A decline in cognitive function following cancer treatment is one of the most commonly reported post-treatment symptoms among patients with cancer and those in remission, and include memory, processing speed, and executive function. A clear understanding of cognitive impairment as a result of cancer and its therapy can be obtained by delineating structural and functional changes using brain imaging studies and neurocognitive assessments. There is also a need to determine the underlying mechanisms and pathways that impact the brain and affect cognitive functioning in cancer survivors. Exosomes are small cell-derived vesicles formed by the inward budding of multivesicular bodies, and are released into the extracellular environment via an exocytic pathway. Growing evidence suggests that exosomes contribute to various physiological and pathological conditions, including neurological processes such as synaptic plasticity, neuronal stress response, cell-to-cell communication, and neurogenesis. Researchers from the National University of Singapore summarize the relationship between exosomes and cancer-related cognitive impairment. Unraveling exosomes’ actions and effects on the microenvironment of the brain, which impacts cognitive functioning, is critical for the development of exosome-based therapeutics for cancer-related cognitive impairment.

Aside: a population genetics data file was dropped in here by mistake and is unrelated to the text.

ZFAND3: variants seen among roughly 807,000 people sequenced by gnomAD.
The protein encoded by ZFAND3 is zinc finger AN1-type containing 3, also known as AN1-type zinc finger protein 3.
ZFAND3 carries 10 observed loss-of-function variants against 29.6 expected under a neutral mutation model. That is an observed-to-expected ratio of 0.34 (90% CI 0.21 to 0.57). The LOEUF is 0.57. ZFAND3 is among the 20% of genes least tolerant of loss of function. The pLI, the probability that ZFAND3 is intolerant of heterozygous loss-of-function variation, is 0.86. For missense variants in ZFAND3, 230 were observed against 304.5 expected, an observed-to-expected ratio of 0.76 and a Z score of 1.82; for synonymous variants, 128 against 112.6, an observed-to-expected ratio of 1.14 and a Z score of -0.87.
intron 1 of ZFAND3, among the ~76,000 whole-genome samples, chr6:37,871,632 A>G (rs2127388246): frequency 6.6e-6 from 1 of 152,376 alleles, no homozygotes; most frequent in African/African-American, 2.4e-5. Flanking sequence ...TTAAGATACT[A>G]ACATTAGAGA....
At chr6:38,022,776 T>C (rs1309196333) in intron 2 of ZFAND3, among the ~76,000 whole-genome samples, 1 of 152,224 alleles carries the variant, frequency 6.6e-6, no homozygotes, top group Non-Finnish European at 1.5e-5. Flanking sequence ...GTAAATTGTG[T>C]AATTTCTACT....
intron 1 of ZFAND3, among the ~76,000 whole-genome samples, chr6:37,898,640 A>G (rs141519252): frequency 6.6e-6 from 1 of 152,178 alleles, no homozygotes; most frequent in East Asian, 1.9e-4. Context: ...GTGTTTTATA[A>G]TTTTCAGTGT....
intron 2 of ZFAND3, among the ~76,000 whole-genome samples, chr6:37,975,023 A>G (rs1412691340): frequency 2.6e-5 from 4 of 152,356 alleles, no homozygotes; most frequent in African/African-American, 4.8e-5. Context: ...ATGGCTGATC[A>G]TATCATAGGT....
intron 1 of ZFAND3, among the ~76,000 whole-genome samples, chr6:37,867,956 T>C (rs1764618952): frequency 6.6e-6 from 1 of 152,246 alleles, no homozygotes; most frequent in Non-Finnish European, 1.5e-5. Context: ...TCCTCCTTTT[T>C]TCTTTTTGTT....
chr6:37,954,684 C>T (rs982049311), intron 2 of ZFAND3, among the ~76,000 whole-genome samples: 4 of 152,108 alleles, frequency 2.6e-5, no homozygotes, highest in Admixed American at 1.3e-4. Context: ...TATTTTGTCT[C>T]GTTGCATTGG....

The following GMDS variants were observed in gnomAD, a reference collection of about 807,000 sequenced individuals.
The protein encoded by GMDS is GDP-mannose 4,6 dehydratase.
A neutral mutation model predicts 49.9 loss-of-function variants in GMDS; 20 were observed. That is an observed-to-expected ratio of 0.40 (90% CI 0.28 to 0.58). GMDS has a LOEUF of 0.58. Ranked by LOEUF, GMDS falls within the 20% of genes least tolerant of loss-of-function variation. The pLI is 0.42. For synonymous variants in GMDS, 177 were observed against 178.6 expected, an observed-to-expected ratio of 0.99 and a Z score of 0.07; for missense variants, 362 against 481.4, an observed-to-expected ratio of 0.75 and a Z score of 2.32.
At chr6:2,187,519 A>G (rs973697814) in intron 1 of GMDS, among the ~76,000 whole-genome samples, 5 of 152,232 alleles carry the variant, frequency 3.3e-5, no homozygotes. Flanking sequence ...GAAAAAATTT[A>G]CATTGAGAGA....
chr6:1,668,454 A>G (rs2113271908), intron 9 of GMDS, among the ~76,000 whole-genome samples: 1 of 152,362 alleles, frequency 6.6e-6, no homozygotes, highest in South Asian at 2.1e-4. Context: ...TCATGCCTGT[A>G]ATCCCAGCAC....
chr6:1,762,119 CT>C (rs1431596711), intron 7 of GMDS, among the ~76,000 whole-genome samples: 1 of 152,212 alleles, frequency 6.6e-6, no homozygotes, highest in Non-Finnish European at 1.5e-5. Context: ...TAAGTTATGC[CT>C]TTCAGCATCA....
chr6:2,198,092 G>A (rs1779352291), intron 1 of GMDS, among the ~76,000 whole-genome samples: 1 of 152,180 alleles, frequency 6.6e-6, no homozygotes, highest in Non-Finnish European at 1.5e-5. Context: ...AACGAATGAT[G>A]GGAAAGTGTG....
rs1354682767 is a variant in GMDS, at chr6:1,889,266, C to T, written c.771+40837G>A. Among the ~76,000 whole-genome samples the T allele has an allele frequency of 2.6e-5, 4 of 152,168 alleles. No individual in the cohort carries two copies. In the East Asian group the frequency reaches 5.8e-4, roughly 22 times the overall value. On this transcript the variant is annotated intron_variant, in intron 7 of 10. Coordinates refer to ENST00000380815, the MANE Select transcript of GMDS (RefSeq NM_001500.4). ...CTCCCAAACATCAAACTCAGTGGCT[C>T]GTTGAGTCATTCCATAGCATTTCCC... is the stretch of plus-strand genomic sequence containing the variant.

Multivesicular bodies can move retrogradely and anterogradely in neural cells (A-B), which may lead to their release into the extracellular space as exosomes. Exosomes participating in intercellular communication (signaling among neurons and/or non-neuronal cells, C–G) play a critical role in neuronal physiology and pathology